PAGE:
People had too much fun Saturday night or they had little excitement for Sunday’s lineup because the day’s crowd took it’s time appearing. To the day:
– The Playing for Change band made the argument that everything is world music—a good point—and it did so with a lot of warmth and soul. Still, Grandpa Elliot struck a needed silly note when he did what he could to join the front-line singers in a dance, but doing so while sitting down and wearing his trademark overalls.
– The Lost Bayou Ramblers continue to develop a rock-influenced version of Cajun music, first with heavier drums, and on Sunday with guitar distortion and bowed bass fiddle on a tune that Louis Michot explained was a Cajun version of “zef.” Each step seems to suggest another interesting step for the band as they explore how to be contemporary and Cajun, and though they don’t all work—recordings I’ve heard of some of these tracks don’t capture where they’re at yet—the journey rewards attention.
– More Gospel anxiety: One of my finest moments in the Gospel Tent came courtesy of the Mt. Hermon Baptist Church Mass Choir, but I suspect I heard something different from the music they were making. For me, a song titled “I’ve Never Seen the Righteous Forsaken” became gospel house, complete with a thumping, relentless disco bass, a percussion break, and vocals from the choir that seemed to chop themselves into a sample as they sang “I’ve never seen the…” over and over again. But were they going for a club sound? Admittedly, they had a strong pop sensibility and celebrated love (without being specific what kind) by singing “Love Train” and Foreigner’s “I Want to Know What Love Is,” but neither of those suggests much awareness of dance music from clubland from the last 20 years.
An equally curious moment came when the choir sang “Let it Be,” and while they did so, the leader vamped on the phrase “Leave it alone.” How did that relate to Jesus, God and faith? The phrases could be synonymous, but the Beatles version seems to be more about acceptance than refusal. Was it an anti-drug song, assuming listeners would infer what “it” is? That ambiguity made me wonder if there’s something to my gospel house theory.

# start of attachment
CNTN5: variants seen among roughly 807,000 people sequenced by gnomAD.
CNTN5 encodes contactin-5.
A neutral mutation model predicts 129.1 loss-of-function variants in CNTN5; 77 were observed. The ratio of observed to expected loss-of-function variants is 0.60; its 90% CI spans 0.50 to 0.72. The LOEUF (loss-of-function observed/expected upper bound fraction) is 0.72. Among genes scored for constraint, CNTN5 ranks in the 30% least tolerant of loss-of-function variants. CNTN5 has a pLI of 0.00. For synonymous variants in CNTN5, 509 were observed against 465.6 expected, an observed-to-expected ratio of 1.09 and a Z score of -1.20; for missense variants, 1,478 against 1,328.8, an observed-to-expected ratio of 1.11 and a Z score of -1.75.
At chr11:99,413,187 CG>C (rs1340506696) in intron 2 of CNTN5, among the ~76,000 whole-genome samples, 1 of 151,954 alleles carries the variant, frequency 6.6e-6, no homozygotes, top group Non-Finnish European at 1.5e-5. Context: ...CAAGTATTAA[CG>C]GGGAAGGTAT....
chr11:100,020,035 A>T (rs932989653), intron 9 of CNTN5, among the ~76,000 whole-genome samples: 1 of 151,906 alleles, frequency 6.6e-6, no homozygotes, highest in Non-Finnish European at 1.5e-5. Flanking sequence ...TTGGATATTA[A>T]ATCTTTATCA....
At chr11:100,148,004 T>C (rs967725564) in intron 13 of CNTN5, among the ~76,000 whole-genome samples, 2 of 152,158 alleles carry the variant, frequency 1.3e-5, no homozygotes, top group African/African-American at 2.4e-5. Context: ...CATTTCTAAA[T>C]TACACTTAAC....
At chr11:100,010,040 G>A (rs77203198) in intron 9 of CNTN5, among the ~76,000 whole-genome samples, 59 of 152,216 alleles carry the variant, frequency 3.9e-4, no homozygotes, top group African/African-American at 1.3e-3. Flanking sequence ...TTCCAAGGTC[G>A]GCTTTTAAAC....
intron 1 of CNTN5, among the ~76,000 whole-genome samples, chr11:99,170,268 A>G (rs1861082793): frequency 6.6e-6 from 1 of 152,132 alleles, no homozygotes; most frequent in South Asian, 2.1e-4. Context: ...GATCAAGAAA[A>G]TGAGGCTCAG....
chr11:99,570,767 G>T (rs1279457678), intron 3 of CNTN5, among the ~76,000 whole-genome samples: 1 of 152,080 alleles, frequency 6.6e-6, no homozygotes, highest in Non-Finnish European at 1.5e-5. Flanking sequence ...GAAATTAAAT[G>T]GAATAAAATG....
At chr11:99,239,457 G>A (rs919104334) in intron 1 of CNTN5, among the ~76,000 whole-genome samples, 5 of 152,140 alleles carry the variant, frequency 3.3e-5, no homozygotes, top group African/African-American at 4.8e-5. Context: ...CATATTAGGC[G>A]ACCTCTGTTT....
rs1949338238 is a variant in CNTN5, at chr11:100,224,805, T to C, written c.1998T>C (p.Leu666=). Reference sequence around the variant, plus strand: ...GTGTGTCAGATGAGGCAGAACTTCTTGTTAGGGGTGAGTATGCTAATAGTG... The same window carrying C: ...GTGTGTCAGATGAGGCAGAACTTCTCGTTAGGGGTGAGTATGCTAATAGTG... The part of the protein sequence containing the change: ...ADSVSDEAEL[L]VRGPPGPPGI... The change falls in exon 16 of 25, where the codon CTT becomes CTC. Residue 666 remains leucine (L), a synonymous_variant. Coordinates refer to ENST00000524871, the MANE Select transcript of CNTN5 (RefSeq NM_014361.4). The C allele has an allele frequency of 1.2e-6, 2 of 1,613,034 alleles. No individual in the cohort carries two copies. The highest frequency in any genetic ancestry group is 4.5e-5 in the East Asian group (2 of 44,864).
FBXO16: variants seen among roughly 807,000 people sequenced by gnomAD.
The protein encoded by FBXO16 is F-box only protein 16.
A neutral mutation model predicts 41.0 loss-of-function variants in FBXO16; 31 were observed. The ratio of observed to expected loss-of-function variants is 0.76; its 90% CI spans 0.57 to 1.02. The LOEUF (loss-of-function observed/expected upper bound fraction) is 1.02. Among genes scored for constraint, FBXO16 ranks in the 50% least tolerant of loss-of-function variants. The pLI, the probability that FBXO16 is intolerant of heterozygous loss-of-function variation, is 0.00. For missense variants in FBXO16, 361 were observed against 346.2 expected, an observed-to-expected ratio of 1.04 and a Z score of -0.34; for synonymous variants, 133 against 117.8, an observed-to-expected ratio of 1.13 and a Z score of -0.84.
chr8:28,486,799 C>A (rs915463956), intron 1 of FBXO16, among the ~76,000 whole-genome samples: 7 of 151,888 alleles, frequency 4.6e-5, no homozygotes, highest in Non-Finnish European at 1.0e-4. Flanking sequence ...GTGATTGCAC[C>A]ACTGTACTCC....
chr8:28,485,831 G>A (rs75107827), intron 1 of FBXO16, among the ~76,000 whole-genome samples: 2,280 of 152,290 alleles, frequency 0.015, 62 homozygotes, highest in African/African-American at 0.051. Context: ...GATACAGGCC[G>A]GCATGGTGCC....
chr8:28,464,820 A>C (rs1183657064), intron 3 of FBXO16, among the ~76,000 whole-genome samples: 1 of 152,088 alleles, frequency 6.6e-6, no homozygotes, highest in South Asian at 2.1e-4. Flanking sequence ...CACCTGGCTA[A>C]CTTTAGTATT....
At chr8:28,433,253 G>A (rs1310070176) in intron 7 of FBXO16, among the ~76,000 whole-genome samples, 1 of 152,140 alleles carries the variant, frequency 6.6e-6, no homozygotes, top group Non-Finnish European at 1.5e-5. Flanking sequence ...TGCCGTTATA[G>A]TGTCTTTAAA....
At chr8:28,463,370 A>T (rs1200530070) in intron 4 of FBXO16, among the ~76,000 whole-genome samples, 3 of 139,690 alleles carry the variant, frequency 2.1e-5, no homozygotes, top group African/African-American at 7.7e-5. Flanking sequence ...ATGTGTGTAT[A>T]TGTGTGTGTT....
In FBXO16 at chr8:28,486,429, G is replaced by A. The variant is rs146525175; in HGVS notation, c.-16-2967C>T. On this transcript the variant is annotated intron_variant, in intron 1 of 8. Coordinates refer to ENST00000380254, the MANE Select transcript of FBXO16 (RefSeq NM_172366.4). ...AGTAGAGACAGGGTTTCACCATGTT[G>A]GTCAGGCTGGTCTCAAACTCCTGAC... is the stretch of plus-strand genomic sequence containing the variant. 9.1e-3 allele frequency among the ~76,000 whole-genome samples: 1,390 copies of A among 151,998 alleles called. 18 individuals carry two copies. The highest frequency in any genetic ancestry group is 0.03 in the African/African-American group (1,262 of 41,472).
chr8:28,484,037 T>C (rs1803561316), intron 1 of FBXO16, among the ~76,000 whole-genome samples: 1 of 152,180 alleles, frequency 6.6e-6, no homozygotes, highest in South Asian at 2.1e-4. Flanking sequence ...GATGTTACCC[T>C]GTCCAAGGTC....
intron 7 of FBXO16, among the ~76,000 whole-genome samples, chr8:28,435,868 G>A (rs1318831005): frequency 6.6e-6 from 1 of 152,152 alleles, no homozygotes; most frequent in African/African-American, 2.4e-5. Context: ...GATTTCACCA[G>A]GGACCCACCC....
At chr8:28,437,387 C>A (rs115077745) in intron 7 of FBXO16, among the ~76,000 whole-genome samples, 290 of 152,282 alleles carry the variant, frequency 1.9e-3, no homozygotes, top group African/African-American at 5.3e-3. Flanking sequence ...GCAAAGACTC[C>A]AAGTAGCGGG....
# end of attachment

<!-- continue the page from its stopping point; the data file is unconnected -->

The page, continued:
– Grousing time: How bad is the set-up for the Blues Tent, which is often hard to get into and which has fans as defensive of their space as any tarp dweller on the Acura lawn? And have there been more soundboard fails at one Jazz Fest? I suspect the grease fire that was the first 10 minutes of Ms. Lauryn Hill’s time onstage had at least something to do with the band itself, but after Dave Malone introduced Mark Mullins as “the sixth Rad,” Mullins stepped up to the mic, blew a solo and none of us heard a thing. Since he was on the big screen as well, it was almost impossible to miss that Mullins was in a prominent music-making position and should be heard. Other fails include the high, swarm of bees-like distortion that accompanied Lillian Boutte when she sang with Tom McDermott during the James Booker tribute Thursday, and Stanton Moore’s cannon-like rack toms during Galactic’s set. They were louder than his snare drum and engulfed anything played or sung by anyone else onstage when he went to them. I’m sure the front-of-house job is harder than any of us know, but Jazz Fest is the city’s biggest stage so we have to do better.
– Arcade Fire stories just keep coming. I heard they hung around town and went to see the Klezmer All-Stars one night, and when they wanted to play basketball, they went to the courts at the corner of Napoleon and Magazine (one good thing about being a big band: you can always get together a good 3-on-3 or 4-on-4 game), and yesterday, they showed up for a workshop in the Haiti Pavilion with RAM Haiti.
– Here’s a post-Jazz Fest game: guess how many times Trombone Shorty appeared on a Jazz Fest stage. I don’t know the answer (yet!), but the last one I saw was when he joined Kid Rock to breathe some fire into “All Summer Long.” Yesterday I commented on the excitement he generates in a solo, and part of it is because he works in short, digestible chunks. A longer solo is really a series of shorter solos stacked on top of each other, and each is designed to bring energy. A second post-Fest game: Who wants to bet against Shorty moving in to the Sunday Gentilly slot that the Radiators just abandoned?